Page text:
Document Type : Original Article
Department of Regional Studies, Faculty of Law and Political Science, University of Tehran, Iran
Centre for Graduate International Studies, University of Tehran, Iran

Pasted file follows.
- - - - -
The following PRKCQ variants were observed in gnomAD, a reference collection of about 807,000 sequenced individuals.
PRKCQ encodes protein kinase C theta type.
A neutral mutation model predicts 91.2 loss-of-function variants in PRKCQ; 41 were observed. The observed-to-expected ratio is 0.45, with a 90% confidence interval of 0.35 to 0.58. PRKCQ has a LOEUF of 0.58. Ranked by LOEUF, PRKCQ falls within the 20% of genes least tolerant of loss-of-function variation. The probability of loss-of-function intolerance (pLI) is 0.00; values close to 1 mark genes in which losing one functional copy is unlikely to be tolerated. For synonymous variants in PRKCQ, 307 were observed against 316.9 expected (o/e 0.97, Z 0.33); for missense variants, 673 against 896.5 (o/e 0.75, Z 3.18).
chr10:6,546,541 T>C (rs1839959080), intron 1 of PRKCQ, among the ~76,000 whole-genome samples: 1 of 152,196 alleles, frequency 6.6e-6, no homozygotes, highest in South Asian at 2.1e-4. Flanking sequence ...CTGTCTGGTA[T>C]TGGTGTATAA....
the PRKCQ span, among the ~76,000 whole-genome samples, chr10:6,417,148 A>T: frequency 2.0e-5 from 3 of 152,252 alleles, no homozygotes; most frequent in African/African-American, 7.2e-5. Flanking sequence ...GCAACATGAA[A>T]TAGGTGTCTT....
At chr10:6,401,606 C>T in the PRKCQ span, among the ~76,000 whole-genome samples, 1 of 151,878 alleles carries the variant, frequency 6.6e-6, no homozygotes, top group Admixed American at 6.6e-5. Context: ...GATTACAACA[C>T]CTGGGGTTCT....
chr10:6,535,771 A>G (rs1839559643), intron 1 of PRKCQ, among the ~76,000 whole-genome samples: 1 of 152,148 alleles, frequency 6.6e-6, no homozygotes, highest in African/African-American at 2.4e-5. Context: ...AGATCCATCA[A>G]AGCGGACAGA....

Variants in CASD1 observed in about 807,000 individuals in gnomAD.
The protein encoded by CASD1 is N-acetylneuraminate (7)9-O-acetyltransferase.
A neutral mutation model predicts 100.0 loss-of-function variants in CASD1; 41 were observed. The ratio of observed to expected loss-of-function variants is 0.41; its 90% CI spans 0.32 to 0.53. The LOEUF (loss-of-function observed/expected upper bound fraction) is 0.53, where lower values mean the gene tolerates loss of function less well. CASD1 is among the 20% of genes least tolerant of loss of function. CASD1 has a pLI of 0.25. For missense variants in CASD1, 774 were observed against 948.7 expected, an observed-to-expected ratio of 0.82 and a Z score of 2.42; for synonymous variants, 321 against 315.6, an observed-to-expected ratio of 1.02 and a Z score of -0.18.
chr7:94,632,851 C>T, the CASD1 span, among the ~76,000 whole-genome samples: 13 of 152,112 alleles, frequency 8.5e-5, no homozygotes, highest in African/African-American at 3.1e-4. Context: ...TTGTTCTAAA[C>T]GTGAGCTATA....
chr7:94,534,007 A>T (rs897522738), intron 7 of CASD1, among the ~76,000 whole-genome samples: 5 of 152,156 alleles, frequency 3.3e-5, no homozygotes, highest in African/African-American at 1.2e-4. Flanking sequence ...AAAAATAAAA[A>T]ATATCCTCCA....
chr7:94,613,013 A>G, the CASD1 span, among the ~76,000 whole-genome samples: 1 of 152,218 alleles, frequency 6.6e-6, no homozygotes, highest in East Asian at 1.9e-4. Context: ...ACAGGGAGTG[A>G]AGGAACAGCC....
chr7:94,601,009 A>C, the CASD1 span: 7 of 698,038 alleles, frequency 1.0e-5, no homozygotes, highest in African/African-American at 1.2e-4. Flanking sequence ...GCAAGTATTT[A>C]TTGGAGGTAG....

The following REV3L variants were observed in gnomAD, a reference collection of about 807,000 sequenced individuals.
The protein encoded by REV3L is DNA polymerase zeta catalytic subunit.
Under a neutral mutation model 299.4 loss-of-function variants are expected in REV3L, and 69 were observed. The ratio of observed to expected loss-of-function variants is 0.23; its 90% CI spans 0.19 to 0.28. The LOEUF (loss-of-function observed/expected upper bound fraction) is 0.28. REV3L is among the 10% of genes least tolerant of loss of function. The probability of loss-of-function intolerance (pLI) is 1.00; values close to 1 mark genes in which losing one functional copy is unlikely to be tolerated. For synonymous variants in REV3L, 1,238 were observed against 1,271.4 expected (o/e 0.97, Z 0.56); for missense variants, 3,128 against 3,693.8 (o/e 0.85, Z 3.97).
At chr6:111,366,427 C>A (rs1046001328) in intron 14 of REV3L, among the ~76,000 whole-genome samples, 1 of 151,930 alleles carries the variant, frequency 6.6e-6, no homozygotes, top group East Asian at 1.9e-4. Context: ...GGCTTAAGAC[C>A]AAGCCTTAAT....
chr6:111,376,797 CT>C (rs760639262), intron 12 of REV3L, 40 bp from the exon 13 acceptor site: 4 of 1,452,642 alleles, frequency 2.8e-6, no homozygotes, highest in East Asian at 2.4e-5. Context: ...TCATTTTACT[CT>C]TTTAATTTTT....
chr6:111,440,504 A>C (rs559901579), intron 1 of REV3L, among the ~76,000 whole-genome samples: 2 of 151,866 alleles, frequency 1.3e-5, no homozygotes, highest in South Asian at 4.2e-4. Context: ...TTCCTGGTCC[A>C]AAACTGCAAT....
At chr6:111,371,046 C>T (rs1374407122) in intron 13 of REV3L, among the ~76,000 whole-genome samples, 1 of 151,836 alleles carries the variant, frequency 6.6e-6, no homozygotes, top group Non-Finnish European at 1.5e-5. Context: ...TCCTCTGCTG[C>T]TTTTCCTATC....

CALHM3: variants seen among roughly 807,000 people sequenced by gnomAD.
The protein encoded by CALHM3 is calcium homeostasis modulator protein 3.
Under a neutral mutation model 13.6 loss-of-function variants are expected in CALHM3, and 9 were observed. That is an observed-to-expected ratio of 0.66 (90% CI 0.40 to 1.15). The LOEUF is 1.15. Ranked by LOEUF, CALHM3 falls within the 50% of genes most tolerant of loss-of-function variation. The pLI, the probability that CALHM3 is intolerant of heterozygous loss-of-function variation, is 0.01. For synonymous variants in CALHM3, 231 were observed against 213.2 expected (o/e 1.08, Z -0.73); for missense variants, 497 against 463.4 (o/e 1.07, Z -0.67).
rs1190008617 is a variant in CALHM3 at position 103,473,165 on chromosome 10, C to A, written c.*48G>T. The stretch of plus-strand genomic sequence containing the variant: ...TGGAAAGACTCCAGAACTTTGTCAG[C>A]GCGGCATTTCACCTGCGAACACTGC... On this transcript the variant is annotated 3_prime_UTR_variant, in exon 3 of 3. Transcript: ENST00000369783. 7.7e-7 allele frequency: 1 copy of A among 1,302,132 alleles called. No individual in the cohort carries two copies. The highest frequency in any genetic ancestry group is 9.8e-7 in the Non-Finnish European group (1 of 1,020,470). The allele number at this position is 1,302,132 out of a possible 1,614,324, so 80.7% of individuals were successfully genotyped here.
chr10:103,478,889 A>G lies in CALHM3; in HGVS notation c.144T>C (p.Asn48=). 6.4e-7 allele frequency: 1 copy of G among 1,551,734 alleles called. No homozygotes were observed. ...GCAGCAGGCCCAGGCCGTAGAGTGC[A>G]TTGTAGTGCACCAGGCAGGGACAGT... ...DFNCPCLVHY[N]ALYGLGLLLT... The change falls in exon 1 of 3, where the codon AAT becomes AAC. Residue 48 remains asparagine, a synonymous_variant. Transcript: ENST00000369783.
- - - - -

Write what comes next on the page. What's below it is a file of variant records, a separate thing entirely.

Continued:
The Russian invasion of Ukraine in February 2022, followed by widespread Western sanctions led by Washington against Moscow, marked the beginning of a new phase of conflict between the United States and Russia along parallel and complementary fronts. Despite some initial success, Russia's military advancements were met with numerous setbacks. Moscow has not only failed to meet its minimum war objectives more than a year after the conflict began but also risks losing its military gains. This article argues that since prolonging the war and thereby weakening Moscow is in the US interest, it is logical for the US and NATO to equip the Ukrainian army and help it resist Russia's advance, as well as support and encourage Kyiv not to surrender and continue the war to retake the separated areas. This extension of the war of attrition is necessary in order to give the economic front of the war against Moscow the time it needs to become effective. Simultaneously, the war has led to a closer relationship between Europe and the United States in the shadow of the Russian threat, the comprehensive, resolute, and continuous support of the entire Western camp to Ukraine, the justification of America's military presence on European soil, and the consolidation of NATO's identity. According to the article's argument, these factors suggest that the war will gradually erode Russia's international standing and influence over time.